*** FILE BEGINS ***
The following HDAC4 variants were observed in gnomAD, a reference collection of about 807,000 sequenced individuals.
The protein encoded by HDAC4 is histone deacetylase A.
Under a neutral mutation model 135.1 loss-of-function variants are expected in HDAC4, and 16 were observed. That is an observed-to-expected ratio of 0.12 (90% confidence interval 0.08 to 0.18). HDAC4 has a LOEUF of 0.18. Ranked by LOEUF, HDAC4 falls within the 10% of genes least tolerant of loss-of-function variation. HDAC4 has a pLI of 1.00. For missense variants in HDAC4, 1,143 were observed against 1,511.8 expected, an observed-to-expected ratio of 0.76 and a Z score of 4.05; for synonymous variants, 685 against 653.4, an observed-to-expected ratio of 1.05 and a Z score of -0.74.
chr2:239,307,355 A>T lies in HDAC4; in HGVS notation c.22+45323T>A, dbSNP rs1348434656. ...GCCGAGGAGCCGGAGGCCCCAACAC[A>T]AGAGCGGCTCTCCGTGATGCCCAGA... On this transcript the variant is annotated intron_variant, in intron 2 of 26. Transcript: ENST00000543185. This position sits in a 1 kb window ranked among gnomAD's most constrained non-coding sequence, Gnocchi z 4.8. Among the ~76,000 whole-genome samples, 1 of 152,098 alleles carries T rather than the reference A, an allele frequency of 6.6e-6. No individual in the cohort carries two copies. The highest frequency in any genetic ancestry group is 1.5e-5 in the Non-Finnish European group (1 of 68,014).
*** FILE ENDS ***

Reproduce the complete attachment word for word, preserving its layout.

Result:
The following HDAC4 variants were observed in gnomAD, a reference collection of about 807,000 sequenced individuals.
The protein encoded by HDAC4 is histone deacetylase A.
Under a neutral mutation model 135.1 loss-of-function variants are expected in HDAC4, and 16 were observed. That is an observed-to-expected ratio of 0.12 (90% confidence interval 0.08 to 0.18). HDAC4 has a LOEUF of 0.18. Ranked by LOEUF, HDAC4 falls within the 10% of genes least tolerant of loss-of-function variation. HDAC4 has a pLI of 1.00. For missense variants in HDAC4, 1,143 were observed against 1,511.8 expected, an observed-to-expected ratio of 0.76 and a Z score of 4.05; for synonymous variants, 685 against 653.4, an observed-to-expected ratio of 1.05 and a Z score of -0.74.
chr2:239,307,355 A>T lies in HDAC4; in HGVS notation c.22+45323T>A, dbSNP rs1348434656. ...GCCGAGGAGCCGGAGGCCCCAACAC[A>T]AGAGCGGCTCTCCGTGATGCCCAGA... On this transcript the variant is annotated intron_variant, in intron 2 of 26. Transcript: ENST00000543185. This position sits in a 1 kb window ranked among gnomAD's most constrained non-coding sequence, Gnocchi z 4.8. Among the ~76,000 whole-genome samples, 1 of 152,098 alleles carries T rather than the reference A, an allele frequency of 6.6e-6. No individual in the cohort carries two copies. The highest frequency in any genetic ancestry group is 1.5e-5 in the Non-Finnish European group (1 of 68,014).